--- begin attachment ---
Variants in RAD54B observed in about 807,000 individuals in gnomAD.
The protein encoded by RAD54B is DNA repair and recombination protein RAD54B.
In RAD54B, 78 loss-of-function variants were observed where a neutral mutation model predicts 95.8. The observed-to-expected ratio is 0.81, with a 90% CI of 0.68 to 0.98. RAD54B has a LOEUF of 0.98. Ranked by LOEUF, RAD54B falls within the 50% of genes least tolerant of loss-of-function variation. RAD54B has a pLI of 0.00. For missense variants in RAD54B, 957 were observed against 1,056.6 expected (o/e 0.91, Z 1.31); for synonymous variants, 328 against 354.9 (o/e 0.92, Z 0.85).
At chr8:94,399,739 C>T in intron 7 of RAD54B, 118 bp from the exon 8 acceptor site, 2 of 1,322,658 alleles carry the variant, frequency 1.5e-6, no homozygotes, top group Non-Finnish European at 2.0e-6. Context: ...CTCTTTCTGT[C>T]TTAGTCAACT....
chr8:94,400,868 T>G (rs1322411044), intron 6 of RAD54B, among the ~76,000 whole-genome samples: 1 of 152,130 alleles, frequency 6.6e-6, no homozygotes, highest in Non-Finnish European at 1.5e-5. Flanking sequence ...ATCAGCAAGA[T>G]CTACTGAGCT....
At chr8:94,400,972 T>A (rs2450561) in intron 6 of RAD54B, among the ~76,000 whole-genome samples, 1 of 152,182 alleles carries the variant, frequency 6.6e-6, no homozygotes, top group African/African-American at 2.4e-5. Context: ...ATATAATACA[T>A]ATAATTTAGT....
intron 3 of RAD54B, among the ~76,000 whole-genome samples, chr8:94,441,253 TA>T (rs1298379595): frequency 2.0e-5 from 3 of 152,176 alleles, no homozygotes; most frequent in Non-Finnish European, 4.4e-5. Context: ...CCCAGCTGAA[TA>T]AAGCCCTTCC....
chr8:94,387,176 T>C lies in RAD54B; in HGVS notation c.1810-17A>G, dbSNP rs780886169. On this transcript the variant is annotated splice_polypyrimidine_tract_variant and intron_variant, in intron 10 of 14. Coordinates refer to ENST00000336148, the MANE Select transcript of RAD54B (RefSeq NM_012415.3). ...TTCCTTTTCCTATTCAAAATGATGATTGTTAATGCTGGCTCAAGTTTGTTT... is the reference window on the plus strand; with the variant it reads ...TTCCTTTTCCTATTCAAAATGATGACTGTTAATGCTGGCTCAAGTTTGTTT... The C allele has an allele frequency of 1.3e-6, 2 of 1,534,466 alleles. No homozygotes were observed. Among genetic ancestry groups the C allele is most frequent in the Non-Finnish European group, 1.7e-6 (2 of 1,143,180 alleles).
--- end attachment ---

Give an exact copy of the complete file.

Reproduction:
Variants in RAD54B observed in about 807,000 individuals in gnomAD.
The protein encoded by RAD54B is DNA repair and recombination protein RAD54B.
In RAD54B, 78 loss-of-function variants were observed where a neutral mutation model predicts 95.8. The observed-to-expected ratio is 0.81, with a 90% CI of 0.68 to 0.98. RAD54B has a LOEUF of 0.98. Ranked by LOEUF, RAD54B falls within the 50% of genes least tolerant of loss-of-function variation. RAD54B has a pLI of 0.00. For missense variants in RAD54B, 957 were observed against 1,056.6 expected (o/e 0.91, Z 1.31); for synonymous variants, 328 against 354.9 (o/e 0.92, Z 0.85).
At chr8:94,399,739 C>T in intron 7 of RAD54B, 118 bp from the exon 8 acceptor site, 2 of 1,322,658 alleles carry the variant, frequency 1.5e-6, no homozygotes, top group Non-Finnish European at 2.0e-6. Context: ...CTCTTTCTGT[C>T]TTAGTCAACT....
chr8:94,400,868 T>G (rs1322411044), intron 6 of RAD54B, among the ~76,000 whole-genome samples: 1 of 152,130 alleles, frequency 6.6e-6, no homozygotes, highest in Non-Finnish European at 1.5e-5. Flanking sequence ...ATCAGCAAGA[T>G]CTACTGAGCT....
At chr8:94,400,972 T>A (rs2450561) in intron 6 of RAD54B, among the ~76,000 whole-genome samples, 1 of 152,182 alleles carries the variant, frequency 6.6e-6, no homozygotes, top group African/African-American at 2.4e-5. Context: ...ATATAATACA[T>A]ATAATTTAGT....
intron 3 of RAD54B, among the ~76,000 whole-genome samples, chr8:94,441,253 TA>T (rs1298379595): frequency 2.0e-5 from 3 of 152,176 alleles, no homozygotes; most frequent in Non-Finnish European, 4.4e-5. Context: ...CCCAGCTGAA[TA>T]AAGCCCTTCC....
chr8:94,387,176 T>C lies in RAD54B; in HGVS notation c.1810-17A>G, dbSNP rs780886169. On this transcript the variant is annotated splice_polypyrimidine_tract_variant and intron_variant, in intron 10 of 14. Coordinates refer to ENST00000336148, the MANE Select transcript of RAD54B (RefSeq NM_012415.3). ...TTCCTTTTCCTATTCAAAATGATGATTGTTAATGCTGGCTCAAGTTTGTTT... is the reference window on the plus strand; with the variant it reads ...TTCCTTTTCCTATTCAAAATGATGACTGTTAATGCTGGCTCAAGTTTGTTT... The C allele has an allele frequency of 1.3e-6, 2 of 1,534,466 alleles. No homozygotes were observed. Among genetic ancestry groups the C allele is most frequent in the Non-Finnish European group, 1.7e-6 (2 of 1,143,180 alleles).